I totally understand what Wilf is saying and think it's a logical explanation.

    The problem I have is if lunch is at 11:00 and the "after glucagon" BG is at 11:19, that left 19 minutes to eat, stand in an ice cream line, fall down, have the nurse notice and pick up the child, administer glucagon and take a BG.
     
  14. caspi

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    Did you actually speak to someone (other than the nurse) that saw her eat her entire meal? The fact that there is no record of anything at 11 is just a huge red flag to me.
     
  15. missmakaliasmomma

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    No, however my daughter is a serious pig. Like, unnaturally so. Is everyone so sure on here that a "lo" would in fact store in the Aviva meter? I want to make sure I'm not jumping to any conclusions.


    Isf at school is 120. However, it is higher all other times. I know that at one point it's 165 and I believe 200 at night.



    I changed her basal a little today and she was 167 before snack so I'd say the I:c is correct. With no prebolus, she only spiked to the 230 range so I was happy with that.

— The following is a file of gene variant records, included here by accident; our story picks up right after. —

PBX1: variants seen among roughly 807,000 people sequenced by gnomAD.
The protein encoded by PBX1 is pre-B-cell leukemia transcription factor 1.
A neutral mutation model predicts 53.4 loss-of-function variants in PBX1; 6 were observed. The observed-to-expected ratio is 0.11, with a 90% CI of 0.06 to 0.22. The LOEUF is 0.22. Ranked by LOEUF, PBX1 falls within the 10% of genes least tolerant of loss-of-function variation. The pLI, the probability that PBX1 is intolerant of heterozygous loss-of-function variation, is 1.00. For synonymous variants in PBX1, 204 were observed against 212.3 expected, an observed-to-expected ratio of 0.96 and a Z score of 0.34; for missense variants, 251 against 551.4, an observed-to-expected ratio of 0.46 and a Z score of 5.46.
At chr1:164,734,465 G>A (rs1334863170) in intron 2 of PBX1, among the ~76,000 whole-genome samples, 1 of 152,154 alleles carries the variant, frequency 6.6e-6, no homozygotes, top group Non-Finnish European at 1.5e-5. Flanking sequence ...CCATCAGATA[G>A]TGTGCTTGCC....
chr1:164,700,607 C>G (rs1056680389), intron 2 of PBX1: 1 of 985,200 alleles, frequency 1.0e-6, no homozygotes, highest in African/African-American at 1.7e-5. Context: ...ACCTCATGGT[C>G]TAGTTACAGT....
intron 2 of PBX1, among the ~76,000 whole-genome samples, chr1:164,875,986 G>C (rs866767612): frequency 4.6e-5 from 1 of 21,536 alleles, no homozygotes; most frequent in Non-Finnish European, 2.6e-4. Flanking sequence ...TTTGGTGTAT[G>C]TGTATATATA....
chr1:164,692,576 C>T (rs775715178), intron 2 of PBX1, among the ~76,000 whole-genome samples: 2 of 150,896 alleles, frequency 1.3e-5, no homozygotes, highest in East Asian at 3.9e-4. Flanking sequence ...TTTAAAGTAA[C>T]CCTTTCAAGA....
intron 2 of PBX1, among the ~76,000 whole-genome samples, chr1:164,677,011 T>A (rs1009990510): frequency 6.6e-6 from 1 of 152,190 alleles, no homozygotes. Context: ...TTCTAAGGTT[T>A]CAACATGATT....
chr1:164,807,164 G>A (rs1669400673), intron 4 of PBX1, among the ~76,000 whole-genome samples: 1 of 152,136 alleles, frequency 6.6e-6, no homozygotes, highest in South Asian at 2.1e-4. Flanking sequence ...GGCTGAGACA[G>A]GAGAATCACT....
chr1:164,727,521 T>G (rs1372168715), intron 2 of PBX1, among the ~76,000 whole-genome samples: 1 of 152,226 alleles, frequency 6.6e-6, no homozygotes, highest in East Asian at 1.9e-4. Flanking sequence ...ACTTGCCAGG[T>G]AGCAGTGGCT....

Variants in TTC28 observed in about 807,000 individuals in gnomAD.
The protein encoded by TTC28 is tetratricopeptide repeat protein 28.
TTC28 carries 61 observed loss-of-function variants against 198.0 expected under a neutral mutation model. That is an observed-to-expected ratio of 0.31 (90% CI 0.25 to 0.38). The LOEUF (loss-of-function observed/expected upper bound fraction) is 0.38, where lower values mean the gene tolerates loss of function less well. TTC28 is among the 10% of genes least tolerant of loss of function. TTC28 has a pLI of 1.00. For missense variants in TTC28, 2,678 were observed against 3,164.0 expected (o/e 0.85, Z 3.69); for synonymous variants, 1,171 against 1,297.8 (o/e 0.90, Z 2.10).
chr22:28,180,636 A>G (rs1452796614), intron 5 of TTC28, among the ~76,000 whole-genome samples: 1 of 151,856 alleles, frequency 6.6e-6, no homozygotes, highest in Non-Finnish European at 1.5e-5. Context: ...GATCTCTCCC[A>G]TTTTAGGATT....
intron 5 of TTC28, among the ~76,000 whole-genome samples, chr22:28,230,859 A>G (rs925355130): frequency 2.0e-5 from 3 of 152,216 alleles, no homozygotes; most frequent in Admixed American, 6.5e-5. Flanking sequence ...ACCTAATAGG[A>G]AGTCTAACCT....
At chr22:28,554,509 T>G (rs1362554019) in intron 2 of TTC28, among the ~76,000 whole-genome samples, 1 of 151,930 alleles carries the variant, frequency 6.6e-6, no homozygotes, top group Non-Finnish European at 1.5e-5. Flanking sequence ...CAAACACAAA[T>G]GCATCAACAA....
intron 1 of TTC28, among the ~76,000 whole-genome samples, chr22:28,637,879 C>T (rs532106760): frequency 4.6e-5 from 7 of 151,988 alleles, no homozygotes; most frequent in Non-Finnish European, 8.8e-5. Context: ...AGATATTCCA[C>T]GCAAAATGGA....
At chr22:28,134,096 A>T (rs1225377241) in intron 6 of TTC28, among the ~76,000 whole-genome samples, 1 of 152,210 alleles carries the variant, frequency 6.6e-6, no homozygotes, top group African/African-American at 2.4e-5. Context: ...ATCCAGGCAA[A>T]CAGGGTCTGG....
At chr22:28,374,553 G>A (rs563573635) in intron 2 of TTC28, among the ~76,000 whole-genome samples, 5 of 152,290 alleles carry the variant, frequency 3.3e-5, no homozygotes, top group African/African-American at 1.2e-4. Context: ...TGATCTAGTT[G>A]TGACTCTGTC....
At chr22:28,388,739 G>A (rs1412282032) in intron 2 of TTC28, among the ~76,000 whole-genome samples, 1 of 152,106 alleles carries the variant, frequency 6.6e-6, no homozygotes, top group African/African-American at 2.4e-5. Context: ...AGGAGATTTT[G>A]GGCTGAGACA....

16. missmakaliasmomma

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    Btw, I will ask the dr about the "lo" reading that should be in the meter from what I'm gathering here.
     
  17. Megnyc

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    I'm totally sure. I even scrolled back in an old aviva meter I had lying around and found a lo in there.
     
  18. missmakaliasmomma

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    Now I'm concerned. Not so much about glucagon given since she was 31, but the fact that I was lied to.

    I never mentioned that we just so happen to have a 504 meeting to determine if she needs her nurse for next yr. it's possible that with a documented low bg that resulted in glucagon, her job would be solidified for another yr
     
  19. wilf

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    Read the OPs posts more carefully. It was 39 minutes from prebolus 96 to meter reading of 31 (after she had collapsed). My guess is she got the glucagon when she was measured at 31. It's the simplest hypothesis, and the one that makes the most sense to me..
     
  20. rgcainmd

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    This makes me seriously ill to think that someone would resort to something as despicable as causing a low BG to save her job. But it is certainly beginning to look like this may have been a big motivating factor. How creepy is that: cause a child to have a dangerously low BG in order to necessitate emergency treatment that will justify the need to continue getting paid for looking after a child whose life you endangered...